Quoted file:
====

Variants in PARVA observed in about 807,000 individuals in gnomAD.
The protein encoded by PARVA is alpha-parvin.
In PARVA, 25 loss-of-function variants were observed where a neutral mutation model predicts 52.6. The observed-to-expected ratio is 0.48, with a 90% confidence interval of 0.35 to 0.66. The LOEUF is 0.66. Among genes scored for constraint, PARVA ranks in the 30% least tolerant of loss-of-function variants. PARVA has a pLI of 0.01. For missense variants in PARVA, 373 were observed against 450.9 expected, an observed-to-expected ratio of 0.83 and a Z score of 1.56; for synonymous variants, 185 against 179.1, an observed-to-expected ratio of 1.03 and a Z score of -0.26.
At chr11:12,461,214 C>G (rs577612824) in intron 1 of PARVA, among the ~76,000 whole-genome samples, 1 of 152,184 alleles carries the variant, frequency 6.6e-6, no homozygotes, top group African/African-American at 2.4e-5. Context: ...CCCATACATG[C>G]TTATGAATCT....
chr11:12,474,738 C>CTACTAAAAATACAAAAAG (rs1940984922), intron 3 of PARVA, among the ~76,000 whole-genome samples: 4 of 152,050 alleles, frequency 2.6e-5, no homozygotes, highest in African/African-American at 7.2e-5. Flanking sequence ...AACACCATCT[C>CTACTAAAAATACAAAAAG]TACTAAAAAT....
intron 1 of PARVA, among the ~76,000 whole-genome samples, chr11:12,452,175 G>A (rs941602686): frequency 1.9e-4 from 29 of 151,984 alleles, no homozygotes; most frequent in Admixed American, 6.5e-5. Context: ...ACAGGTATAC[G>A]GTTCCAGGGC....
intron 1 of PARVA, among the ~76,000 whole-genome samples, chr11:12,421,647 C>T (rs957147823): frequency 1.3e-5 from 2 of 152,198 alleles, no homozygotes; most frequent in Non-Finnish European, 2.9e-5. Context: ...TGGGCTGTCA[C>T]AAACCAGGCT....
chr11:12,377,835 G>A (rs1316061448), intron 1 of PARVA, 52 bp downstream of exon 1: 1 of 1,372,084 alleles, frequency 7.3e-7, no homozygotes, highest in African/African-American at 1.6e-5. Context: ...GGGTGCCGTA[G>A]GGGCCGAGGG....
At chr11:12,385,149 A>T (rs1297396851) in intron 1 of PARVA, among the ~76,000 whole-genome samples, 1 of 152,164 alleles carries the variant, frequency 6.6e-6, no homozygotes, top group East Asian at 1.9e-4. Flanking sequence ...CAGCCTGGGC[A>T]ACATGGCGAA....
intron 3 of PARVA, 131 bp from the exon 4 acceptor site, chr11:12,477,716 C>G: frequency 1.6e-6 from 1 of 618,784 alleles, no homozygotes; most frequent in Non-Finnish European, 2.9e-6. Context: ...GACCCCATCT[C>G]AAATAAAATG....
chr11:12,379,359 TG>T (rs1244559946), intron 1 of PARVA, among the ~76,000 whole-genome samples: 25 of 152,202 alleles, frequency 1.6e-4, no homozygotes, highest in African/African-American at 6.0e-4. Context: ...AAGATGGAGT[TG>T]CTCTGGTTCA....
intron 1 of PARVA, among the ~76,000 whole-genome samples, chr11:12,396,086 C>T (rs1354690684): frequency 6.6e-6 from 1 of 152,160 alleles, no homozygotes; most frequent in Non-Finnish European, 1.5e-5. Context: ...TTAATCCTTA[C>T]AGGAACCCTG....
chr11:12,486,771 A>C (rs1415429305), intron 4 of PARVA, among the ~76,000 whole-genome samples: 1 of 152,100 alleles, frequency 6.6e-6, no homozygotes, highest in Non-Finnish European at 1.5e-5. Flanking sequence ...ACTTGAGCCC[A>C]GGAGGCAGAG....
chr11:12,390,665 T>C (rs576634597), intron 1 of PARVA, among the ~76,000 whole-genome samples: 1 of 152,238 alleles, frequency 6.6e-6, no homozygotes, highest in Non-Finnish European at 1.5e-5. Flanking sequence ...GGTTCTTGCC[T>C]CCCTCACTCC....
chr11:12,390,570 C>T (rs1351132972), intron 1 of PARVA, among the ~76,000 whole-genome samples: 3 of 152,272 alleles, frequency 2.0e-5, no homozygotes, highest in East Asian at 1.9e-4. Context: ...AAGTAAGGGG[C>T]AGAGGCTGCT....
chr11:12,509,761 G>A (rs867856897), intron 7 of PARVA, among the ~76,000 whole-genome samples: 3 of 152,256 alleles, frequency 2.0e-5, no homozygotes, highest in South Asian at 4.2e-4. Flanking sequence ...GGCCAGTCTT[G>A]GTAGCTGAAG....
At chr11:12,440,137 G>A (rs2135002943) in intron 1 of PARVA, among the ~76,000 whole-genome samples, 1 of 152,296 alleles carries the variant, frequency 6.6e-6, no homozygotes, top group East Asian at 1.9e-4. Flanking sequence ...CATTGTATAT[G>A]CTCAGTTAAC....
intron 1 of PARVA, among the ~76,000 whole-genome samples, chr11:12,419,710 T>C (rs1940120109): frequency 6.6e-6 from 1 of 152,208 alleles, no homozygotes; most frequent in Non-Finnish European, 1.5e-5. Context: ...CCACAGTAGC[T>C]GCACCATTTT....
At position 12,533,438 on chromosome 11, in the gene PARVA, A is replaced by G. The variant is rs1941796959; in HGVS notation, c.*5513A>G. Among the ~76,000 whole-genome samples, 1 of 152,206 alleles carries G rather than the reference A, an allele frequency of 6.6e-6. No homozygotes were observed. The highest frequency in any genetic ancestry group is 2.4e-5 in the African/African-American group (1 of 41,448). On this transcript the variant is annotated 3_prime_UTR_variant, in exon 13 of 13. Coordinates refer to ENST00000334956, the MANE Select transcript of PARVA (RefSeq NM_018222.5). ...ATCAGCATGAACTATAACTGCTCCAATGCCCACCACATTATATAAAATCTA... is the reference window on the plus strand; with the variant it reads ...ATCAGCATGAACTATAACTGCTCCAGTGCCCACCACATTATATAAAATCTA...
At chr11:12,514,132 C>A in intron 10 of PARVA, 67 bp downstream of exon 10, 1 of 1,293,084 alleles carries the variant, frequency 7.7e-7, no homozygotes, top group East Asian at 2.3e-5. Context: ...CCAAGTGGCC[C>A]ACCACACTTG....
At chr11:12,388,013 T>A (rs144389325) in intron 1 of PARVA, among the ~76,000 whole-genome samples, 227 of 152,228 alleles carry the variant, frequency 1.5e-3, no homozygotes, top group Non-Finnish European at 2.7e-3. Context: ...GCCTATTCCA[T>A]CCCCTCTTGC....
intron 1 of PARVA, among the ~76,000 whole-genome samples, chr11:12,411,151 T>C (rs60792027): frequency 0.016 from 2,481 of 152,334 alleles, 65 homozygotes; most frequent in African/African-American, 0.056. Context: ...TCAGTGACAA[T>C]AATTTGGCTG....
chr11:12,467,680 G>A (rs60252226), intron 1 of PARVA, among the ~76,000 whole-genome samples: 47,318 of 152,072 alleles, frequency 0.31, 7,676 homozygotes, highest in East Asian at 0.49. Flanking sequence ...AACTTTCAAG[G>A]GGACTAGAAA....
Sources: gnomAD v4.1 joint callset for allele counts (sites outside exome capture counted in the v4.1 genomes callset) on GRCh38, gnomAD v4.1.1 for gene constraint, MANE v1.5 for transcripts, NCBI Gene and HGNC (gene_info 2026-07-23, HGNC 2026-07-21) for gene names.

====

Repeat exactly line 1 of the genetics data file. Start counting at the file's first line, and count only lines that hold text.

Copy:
Variants in PARVA observed in about 807,000 individuals in gnomAD.